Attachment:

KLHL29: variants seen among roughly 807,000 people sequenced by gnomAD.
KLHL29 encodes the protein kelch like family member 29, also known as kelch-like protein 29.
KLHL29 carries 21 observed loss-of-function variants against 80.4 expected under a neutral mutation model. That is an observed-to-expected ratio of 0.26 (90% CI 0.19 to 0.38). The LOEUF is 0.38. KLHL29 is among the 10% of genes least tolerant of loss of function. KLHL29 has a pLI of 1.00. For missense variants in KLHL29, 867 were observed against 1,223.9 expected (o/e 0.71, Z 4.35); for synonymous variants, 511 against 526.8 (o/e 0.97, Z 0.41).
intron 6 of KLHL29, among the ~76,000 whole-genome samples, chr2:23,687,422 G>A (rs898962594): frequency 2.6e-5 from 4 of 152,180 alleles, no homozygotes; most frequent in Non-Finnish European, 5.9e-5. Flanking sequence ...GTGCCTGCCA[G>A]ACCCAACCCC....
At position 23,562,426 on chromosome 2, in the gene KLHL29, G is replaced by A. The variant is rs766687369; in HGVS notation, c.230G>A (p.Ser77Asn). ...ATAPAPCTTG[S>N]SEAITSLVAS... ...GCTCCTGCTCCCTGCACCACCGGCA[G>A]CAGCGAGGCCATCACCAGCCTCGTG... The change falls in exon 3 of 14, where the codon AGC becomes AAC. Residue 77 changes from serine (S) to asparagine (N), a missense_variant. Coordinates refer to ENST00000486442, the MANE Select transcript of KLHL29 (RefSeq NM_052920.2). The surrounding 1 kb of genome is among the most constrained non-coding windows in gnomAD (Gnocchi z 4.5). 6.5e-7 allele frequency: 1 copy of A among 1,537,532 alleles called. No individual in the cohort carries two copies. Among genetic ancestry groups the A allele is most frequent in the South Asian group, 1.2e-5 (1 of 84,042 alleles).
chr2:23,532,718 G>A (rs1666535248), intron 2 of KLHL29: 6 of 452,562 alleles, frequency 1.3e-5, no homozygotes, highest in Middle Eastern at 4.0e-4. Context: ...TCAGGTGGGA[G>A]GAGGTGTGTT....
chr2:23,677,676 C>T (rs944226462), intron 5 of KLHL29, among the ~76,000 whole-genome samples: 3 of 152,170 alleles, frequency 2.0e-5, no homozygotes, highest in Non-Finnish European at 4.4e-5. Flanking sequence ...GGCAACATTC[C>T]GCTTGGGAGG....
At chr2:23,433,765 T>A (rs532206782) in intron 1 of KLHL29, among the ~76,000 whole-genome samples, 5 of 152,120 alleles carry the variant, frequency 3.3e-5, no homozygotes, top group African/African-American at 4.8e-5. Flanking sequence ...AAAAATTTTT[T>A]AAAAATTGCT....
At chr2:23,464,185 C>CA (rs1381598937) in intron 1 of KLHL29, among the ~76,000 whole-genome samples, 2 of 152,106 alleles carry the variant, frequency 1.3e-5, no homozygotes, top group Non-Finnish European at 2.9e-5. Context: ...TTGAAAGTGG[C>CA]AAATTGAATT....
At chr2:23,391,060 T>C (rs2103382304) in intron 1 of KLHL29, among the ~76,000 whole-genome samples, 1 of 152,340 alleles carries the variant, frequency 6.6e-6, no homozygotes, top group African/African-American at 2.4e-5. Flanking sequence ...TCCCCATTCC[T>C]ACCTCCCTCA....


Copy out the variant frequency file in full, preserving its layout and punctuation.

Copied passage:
KLHL29: variants seen among roughly 807,000 people sequenced by gnomAD.
KLHL29 encodes the protein kelch like family member 29, also known as kelch-like protein 29.
KLHL29 carries 21 observed loss-of-function variants against 80.4 expected under a neutral mutation model. That is an observed-to-expected ratio of 0.26 (90% CI 0.19 to 0.38). The LOEUF is 0.38. KLHL29 is among the 10% of genes least tolerant of loss of function. KLHL29 has a pLI of 1.00. For missense variants in KLHL29, 867 were observed against 1,223.9 expected (o/e 0.71, Z 4.35); for synonymous variants, 511 against 526.8 (o/e 0.97, Z 0.41).
intron 6 of KLHL29, among the ~76,000 whole-genome samples, chr2:23,687,422 G>A (rs898962594): frequency 2.6e-5 from 4 of 152,180 alleles, no homozygotes; most frequent in Non-Finnish European, 5.9e-5. Flanking sequence ...GTGCCTGCCA[G>A]ACCCAACCCC....
At position 23,562,426 on chromosome 2, in the gene KLHL29, G is replaced by A. The variant is rs766687369; in HGVS notation, c.230G>A (p.Ser77Asn). ...ATAPAPCTTG[S>N]SEAITSLVAS... ...GCTCCTGCTCCCTGCACCACCGGCA[G>A]CAGCGAGGCCATCACCAGCCTCGTG... The change falls in exon 3 of 14, where the codon AGC becomes AAC. Residue 77 changes from serine (S) to asparagine (N), a missense_variant. Coordinates refer to ENST00000486442, the MANE Select transcript of KLHL29 (RefSeq NM_052920.2). The surrounding 1 kb of genome is among the most constrained non-coding windows in gnomAD (Gnocchi z 4.5). 6.5e-7 allele frequency: 1 copy of A among 1,537,532 alleles called. No individual in the cohort carries two copies. Among genetic ancestry groups the A allele is most frequent in the South Asian group, 1.2e-5 (1 of 84,042 alleles).
chr2:23,532,718 G>A (rs1666535248), intron 2 of KLHL29: 6 of 452,562 alleles, frequency 1.3e-5, no homozygotes, highest in Middle Eastern at 4.0e-4. Context: ...TCAGGTGGGA[G>A]GAGGTGTGTT....
chr2:23,677,676 C>T (rs944226462), intron 5 of KLHL29, among the ~76,000 whole-genome samples: 3 of 152,170 alleles, frequency 2.0e-5, no homozygotes, highest in Non-Finnish European at 4.4e-5. Flanking sequence ...GGCAACATTC[C>T]GCTTGGGAGG....
At chr2:23,433,765 T>A (rs532206782) in intron 1 of KLHL29, among the ~76,000 whole-genome samples, 5 of 152,120 alleles carry the variant, frequency 3.3e-5, no homozygotes, top group African/African-American at 4.8e-5. Flanking sequence ...AAAAATTTTT[T>A]AAAAATTGCT....
At chr2:23,464,185 C>CA (rs1381598937) in intron 1 of KLHL29, among the ~76,000 whole-genome samples, 2 of 152,106 alleles carry the variant, frequency 1.3e-5, no homozygotes, top group Non-Finnish European at 2.9e-5. Context: ...TTGAAAGTGG[C>CA]AAATTGAATT....
At chr2:23,391,060 T>C (rs2103382304) in intron 1 of KLHL29, among the ~76,000 whole-genome samples, 1 of 152,340 alleles carries the variant, frequency 6.6e-6, no homozygotes, top group African/African-American at 2.4e-5. Flanking sequence ...TCCCCATTCC[T>C]ACCTCCCTCA....